The authors interpret the slow, linear phase evolution of the secondary starspot to be the signature of differential evolution. Using the best fitted lines shown in Figure 4 below, the authors determine a differential rotation rate of 0.012 radians/day for GJ 1243. This is small compared to Sun’s differential rotation of 0.055 radians/day, making GJ 1243 rotate largely as a solid body. The authors note that this result is in agreement with previous theoretical work in the area, which predicts that differential rotation decreases with increasing stellar rotation rates and decreasing effective stellar temperatures.

Figure 4: The same diagram as in Figure 2 with overlaid models. The primary feature (overlaid with open orange points) is nearly constant in phase. The secondary feature (overlaid with purple points) evolves significantly. The linear trend of the secondary feature, fit with black lines, indicates differential rotation. Figure 5 from the paper.

Figure 4: The same diagram as in Figure 3, with overlaid starspot models. The primary feature (overlaid with open orange points) is nearly constant in phase. The secondary feature (overlaid with purple points) evolves significantly. The linear trend of the secondary feature, fit with black lines, indicates differential rotation. Figure 5 from the paper.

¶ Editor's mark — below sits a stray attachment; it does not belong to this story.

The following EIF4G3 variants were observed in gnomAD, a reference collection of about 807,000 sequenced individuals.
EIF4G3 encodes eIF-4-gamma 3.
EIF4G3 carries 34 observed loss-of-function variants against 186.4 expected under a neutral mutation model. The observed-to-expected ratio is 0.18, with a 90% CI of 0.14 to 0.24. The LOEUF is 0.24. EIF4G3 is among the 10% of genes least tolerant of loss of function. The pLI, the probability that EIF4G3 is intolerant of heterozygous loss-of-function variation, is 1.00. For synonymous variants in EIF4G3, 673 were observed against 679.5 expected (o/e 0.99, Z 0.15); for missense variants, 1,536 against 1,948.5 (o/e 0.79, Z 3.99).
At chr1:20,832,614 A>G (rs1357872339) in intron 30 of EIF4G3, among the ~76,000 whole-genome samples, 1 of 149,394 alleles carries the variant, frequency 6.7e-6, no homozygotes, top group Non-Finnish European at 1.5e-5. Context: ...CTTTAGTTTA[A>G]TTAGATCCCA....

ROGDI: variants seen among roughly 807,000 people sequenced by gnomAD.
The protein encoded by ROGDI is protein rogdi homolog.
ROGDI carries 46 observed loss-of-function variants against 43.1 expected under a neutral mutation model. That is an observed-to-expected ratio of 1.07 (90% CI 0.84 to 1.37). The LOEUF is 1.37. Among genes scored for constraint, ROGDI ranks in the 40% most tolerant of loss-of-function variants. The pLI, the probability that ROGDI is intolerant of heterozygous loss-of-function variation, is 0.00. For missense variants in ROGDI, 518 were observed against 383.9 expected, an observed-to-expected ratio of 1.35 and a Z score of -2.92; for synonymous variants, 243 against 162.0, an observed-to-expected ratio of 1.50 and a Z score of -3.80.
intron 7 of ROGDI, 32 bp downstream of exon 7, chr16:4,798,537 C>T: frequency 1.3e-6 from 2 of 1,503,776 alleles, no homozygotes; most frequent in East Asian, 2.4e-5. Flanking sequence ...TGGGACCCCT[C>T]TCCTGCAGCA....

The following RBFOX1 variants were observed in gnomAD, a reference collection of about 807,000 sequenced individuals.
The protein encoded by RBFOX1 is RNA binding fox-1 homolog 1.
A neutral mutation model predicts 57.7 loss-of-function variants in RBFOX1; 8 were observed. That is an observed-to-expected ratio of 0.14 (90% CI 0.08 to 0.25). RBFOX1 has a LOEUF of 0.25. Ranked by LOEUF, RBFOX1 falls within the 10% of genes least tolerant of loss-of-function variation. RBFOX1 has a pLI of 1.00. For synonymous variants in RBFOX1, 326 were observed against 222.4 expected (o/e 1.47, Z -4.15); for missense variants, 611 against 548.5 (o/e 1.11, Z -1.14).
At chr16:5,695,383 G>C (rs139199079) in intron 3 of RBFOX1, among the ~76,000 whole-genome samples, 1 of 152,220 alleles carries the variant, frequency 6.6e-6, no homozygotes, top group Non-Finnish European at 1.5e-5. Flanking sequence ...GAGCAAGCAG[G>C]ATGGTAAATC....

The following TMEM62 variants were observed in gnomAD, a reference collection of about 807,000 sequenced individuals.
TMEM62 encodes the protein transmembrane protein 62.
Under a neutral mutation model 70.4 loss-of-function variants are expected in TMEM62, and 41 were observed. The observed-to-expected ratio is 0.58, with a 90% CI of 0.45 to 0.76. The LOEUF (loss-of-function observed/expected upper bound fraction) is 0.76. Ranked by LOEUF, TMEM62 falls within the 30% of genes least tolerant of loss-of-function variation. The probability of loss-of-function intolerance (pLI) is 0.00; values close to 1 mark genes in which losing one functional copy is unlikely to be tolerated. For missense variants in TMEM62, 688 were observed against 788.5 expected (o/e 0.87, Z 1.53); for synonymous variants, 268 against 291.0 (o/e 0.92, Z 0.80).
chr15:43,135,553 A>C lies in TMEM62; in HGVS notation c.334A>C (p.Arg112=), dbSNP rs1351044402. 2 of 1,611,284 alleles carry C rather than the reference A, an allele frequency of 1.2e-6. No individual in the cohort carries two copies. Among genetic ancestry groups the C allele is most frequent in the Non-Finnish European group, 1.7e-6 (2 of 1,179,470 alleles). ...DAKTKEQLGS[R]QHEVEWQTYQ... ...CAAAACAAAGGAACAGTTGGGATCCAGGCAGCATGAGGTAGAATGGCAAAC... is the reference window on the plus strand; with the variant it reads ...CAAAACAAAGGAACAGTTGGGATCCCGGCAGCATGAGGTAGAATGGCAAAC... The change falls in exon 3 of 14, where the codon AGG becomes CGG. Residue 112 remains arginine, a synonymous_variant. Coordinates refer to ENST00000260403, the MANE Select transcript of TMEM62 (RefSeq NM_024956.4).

Towards a better observational understanding of differential rotation

Modeling starspots on other stars is challenging. The technique described in this paper is best suited for studying long-lived spots on rapidly rotating stars. The results presented in this paper have placed important constraints on the magnetic dynamos of cool low-mass stars. With further study, and extending this technique to study hundreds of other rapidly rotating active stars, we can start to gather a better observational understanding of surface differential rotation across the main sequence.

About Gudmundur Stefansson

I am a second year Ph.D. student in Astrophysics at Pennsylvania State University, where I work with Dr. Suvrath Mahadevan on building and testing various subsystems for the Habitable Zone Planet Finder (HPF) spectrograph. I did my B.Sc. in Physics at University of Iceland where I fabricated integrated optical devices with applications in biosensing in a nano-fabrication lab. When I'm not building instruments or writing for Astrobites, I try to get better at (timelapse) photography and MMA.